A small booklet published by the Durham Dept. of Geography in 1968, Misurata: a market town in Tripolitania by G. H. Blake is one of the few (=2 or 3) studies available on Misrata (مصراتة) in a western language. The brief introduction is below, and a PDF of the entire booklet is available by clicking here.
“The small towns of the Middle East and North Africa have received so little attention from geographers hitherto that there is a need for case-studies of this kind if only as prologomena for intensive future investigations. Several factors combined to permit little more than a superficial study of Misurata in the summer of 1966; the paucity of statistics, the lack of large scale maps and air photographs while fieldwork was being carried out, and above all the limited time available. In spite of these difficulties an attempt was made to examine the functions and morphology of a market town which is still strongly traditional in character, with a high proportion of the population deriving their living from the sale of goods and services in the market. Some of the results of this work are presented in the following pages. While there may not be much that is methodologically exciting, it is hoped that its publication will be fully justified by its timing, for in 1966 it was already clear that the cultural ethos and economic functions of Misurata are on the threshold of great changes.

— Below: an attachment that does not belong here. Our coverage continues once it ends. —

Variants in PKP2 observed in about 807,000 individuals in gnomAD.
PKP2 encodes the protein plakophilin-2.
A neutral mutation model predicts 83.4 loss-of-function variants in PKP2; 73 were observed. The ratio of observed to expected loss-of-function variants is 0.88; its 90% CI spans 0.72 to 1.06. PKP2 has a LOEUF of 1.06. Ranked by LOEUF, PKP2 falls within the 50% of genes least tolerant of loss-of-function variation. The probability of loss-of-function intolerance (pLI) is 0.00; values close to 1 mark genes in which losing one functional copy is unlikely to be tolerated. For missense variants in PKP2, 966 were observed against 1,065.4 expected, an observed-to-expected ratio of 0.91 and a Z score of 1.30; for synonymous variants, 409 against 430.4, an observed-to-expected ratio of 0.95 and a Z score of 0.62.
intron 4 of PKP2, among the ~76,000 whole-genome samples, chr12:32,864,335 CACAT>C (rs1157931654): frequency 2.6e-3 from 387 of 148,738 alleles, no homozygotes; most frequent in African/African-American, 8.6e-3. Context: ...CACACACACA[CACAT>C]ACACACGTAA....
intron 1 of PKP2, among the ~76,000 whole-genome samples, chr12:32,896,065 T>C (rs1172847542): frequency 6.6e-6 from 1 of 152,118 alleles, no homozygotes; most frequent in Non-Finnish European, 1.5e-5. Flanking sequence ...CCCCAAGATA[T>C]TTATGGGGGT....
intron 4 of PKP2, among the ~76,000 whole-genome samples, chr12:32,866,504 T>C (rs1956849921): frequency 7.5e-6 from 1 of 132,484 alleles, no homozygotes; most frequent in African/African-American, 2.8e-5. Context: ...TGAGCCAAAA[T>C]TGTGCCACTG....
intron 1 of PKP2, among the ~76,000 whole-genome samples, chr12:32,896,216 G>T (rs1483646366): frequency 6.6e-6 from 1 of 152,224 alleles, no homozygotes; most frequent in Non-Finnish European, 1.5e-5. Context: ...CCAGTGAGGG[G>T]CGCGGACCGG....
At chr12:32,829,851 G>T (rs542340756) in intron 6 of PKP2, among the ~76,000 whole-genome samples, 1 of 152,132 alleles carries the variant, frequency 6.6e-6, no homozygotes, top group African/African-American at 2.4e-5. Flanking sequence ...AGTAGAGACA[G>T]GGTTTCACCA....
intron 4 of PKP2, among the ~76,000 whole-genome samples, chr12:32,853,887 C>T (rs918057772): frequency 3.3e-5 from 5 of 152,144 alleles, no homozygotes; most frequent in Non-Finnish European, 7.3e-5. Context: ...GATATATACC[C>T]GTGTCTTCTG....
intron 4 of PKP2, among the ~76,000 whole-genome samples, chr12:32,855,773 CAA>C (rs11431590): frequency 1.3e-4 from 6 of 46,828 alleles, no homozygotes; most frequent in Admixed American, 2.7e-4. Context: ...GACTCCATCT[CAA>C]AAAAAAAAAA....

Libya’s immense oil revenues have touched every aspect of national life and in Misurata have resulted in a spate of public and private building which is beginning to transform the ancient skyline of minarets, palm trees and low, flat-roofed houses, bringing into being an essentially European-type architecture and ground plan. In the next few years the town will develop from being a regional market to a genuine regional centre with significant functions in serving through traffic. The projected North African highway will pass nearby; Casr Ahmed is to be revived as a naval and military base; and there are plans to develop and settle the vast ex-Italian estates to the south and west. The people of Misurata are famous for their commercial enterprise and will not be slow to make good use of the opportunities thus presented, just as they have been quick to establish light industries in response to the building boom.
The promise of rapid modernisation makes Misurata a town of particular interest since it epitomises the problems of renewal and development in larger cities of cultures. It remains to be seen whether the Master Plan of the town, now being prepared in Rome, will succeed in preserving what is good in the old while creating a town capable of discharging its ever-growing social and economic responsibilities to the surrounding region.” (p. 1)